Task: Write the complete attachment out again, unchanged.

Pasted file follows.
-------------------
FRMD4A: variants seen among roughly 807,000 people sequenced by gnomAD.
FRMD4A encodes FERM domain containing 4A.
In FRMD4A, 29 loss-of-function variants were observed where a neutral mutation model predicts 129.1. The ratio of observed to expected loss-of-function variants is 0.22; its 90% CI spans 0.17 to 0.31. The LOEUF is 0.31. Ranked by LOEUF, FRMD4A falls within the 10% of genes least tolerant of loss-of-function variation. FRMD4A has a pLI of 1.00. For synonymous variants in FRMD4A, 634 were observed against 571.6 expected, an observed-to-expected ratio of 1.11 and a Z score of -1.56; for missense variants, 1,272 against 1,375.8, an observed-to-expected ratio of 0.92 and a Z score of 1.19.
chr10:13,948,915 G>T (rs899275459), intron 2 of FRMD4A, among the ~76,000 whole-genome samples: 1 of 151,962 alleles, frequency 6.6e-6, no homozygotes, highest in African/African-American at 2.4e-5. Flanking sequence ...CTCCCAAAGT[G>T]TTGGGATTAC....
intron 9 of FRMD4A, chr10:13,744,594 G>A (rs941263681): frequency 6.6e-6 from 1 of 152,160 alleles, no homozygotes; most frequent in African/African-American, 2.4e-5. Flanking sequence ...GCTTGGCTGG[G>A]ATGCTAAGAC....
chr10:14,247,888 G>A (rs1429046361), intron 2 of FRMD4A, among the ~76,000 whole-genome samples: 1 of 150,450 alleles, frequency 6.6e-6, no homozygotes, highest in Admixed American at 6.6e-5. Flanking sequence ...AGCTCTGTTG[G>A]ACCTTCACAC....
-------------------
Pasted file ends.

FRMD4A: variants seen among roughly 807,000 people sequenced by gnomAD.
FRMD4A encodes FERM domain containing 4A.
In FRMD4A, 29 loss-of-function variants were observed where a neutral mutation model predicts 129.1. The ratio of observed to expected loss-of-function variants is 0.22; its 90% CI spans 0.17 to 0.31. The LOEUF is 0.31. Ranked by LOEUF, FRMD4A falls within the 10% of genes least tolerant of loss-of-function variation. FRMD4A has a pLI of 1.00. For synonymous variants in FRMD4A, 634 were observed against 571.6 expected, an observed-to-expected ratio of 1.11 and a Z score of -1.56; for missense variants, 1,272 against 1,375.8, an observed-to-expected ratio of 0.92 and a Z score of 1.19.
chr10:13,948,915 G>T (rs899275459), intron 2 of FRMD4A, among the ~76,000 whole-genome samples: 1 of 151,962 alleles, frequency 6.6e-6, no homozygotes, highest in African/African-American at 2.4e-5. Flanking sequence ...CTCCCAAAGT[G>T]TTGGGATTAC....
intron 9 of FRMD4A, chr10:13,744,594 G>A (rs941263681): frequency 6.6e-6 from 1 of 152,160 alleles, no homozygotes; most frequent in African/African-American, 2.4e-5. Flanking sequence ...GCTTGGCTGG[G>A]ATGCTAAGAC....
chr10:14,247,888 G>A (rs1429046361), intron 2 of FRMD4A, among the ~76,000 whole-genome samples: 1 of 150,450 alleles, frequency 6.6e-6, no homozygotes, highest in Admixed American at 6.6e-5. Flanking sequence ...AGCTCTGTTG[G>A]ACCTTCACAC....